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strength and feasability question on aluminum plate

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  • strength and feasability question on aluminum plate

    So I want to strengthen the transom on my boat...there are a few is welding or bolting a plate across the outside of the skin(.100") that is there now. I have a quote for 4 x 8 sheet of .250" thick 5052. that I could cut the transom out of... I don't need that large a piece but they only sell the whole sheet. I have a 49" square sheet of 5/16th" thick aluminum... I was wondering about cutting it and butt welding it to make a roughly 30" x 66" piece.

    then I would only have my labor and welding materials... I have a mig welder at home and a TIG welder at work.. I could use...

    feasible....??? ridiculous???....problematic???.... this plate will be tacked onto the outside of the skin now and will get the additional support of through bolts when I add a pad for the motor and a pad on the inside to help strengthen the transom even more...and to attach inside addition I have flotation pods that were welded to the transom, that I have cut off... I plan to recut them to give more clearance on the bottom to not drag when on plane..and to weld them to individual plates with a lip on each side that I can use to bolt to the whole transom assembly... this way if the pods need to be removed..i can just unbolt them.... so we are looking at roughly twelve 1/2"-13 ss through bolts.... 4 for the motor in the center, and four on each support will be spread out. the plate for each pod would also be 1/4" thick aluminum........I can afford the large 4 x8 sheet, but I still have a lot more items to replace on this boat rebuild....and need to try and use available stock and supplies when I can...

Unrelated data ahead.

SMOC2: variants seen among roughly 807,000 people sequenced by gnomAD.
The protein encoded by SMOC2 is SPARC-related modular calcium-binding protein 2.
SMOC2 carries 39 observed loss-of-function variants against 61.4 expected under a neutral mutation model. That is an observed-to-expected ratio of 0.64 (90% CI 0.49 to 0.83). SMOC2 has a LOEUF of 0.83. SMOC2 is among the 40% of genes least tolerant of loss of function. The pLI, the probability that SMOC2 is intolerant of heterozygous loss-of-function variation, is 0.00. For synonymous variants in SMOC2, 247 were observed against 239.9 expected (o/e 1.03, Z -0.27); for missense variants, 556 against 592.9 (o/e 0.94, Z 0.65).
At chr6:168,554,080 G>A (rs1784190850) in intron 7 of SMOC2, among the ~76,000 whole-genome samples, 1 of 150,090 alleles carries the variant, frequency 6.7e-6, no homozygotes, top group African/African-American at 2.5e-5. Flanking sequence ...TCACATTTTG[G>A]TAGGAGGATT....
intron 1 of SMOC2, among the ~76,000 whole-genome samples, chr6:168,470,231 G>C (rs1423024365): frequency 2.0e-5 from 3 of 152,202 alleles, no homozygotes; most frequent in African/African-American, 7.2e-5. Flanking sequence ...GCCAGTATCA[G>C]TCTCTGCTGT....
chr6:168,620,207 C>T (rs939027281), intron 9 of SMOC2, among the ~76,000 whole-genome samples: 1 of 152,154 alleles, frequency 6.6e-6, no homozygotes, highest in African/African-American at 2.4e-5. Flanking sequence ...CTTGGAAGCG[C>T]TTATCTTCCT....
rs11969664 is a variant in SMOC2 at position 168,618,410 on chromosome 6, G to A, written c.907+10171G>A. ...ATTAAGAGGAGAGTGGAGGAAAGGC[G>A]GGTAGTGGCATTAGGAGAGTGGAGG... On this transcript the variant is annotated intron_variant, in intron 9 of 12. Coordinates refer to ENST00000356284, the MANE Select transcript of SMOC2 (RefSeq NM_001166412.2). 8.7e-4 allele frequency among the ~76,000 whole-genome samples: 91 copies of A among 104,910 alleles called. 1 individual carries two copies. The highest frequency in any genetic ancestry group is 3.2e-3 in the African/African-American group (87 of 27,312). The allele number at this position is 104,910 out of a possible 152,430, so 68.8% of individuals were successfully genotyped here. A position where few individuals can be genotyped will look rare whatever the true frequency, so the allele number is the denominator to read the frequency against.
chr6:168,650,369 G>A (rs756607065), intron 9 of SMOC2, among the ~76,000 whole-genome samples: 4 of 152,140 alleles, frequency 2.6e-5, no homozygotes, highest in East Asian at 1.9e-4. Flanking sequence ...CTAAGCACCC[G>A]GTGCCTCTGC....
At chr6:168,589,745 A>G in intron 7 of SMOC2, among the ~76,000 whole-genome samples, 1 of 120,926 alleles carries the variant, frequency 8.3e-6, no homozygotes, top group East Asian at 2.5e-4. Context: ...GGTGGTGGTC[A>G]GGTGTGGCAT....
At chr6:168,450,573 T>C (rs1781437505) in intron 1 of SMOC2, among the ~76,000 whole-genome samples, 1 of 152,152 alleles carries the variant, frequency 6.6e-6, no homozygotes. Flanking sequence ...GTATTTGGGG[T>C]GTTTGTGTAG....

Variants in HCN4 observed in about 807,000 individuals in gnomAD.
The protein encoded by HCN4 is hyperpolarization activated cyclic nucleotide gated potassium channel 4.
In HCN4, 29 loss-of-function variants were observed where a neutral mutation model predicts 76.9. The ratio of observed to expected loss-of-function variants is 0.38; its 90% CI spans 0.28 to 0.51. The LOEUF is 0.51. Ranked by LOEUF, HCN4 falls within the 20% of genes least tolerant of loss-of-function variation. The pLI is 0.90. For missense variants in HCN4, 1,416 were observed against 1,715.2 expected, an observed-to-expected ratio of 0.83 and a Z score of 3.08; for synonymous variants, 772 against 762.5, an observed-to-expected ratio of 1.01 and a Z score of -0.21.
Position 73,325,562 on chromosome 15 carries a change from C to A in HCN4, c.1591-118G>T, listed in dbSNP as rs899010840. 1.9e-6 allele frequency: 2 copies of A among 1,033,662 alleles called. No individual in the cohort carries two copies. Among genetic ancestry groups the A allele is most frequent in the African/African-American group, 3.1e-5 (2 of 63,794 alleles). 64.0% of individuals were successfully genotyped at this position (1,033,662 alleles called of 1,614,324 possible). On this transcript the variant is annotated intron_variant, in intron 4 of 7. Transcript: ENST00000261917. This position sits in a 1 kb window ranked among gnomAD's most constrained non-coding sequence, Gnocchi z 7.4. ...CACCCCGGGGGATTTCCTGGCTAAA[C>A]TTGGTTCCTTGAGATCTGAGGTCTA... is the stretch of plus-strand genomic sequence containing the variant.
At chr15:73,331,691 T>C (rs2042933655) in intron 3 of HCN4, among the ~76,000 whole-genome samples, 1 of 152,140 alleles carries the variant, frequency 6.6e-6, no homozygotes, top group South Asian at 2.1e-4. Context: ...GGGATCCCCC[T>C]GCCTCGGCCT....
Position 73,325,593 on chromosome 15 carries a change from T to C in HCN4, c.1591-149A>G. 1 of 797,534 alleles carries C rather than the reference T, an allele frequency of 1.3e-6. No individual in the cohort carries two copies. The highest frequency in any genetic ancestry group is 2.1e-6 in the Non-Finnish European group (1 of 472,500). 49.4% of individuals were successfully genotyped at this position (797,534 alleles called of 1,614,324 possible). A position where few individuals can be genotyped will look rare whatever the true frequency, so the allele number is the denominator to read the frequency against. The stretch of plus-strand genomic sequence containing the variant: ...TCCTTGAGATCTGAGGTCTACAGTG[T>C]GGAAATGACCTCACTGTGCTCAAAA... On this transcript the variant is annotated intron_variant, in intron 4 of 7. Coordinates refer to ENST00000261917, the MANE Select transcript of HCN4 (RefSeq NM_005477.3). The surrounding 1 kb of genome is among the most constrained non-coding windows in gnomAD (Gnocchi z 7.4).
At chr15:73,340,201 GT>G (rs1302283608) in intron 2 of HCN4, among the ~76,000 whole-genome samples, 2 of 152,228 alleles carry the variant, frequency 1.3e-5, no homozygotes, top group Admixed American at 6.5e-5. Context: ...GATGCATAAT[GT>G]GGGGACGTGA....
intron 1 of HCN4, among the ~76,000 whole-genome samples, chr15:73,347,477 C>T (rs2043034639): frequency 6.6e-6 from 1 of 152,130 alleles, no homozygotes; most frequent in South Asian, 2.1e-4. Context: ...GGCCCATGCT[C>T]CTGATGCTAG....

is the butt weld a good idea or not....sandwiched between the boats transom and three separate 1/4" plates on the outside( one under the motor and two that are part of the pods)... then on the inside Ill have a continuous 1/4" thick plate that just covers the bolt pattern of the through bolts....


  • #2
    If you trust your welding skills then by all means weld the plate together. I would bevel the weld joint on both pcs. front & back so you will get 100% penetration. Sand it smooth where it needs to be & you should be good to go. Of course if you are not sure of your skills then that is a different story. I'm not saying the engineering is good as I don't know without seeing it but you seem to have it figured out.
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    • #3
      I enjoy butt welding, but hate the distortion. If the appearance is real important buy the sheet. It won't go to waste. If it were me, I'd be thinking of triangulating the bracing with something from the gunwales maybe a foot long if you can. I spend too much time thinking abought weight at the back of the boat. Getting to plane in a small outboard is a concern. From my house I can see 13 boats. At present I don't own a motor boat. My fiberglass Thundercraft died of a bad transom. I use other people's. If any boat owner objects to me using theirs, they can find other places to store them. I've given it thought.

      You haven't mentioned if your boat is made of aluminum, we don't know the construction, but to me, Your big plate sounds heavy.
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      • #4
        Need pics
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        • #5
          well, I found some aluminum plate on I wont be going the butt weld route...but Id think it would have held up fine strength wise....the question is if I could have had the patience to weld it a little at a time so it didn't warp....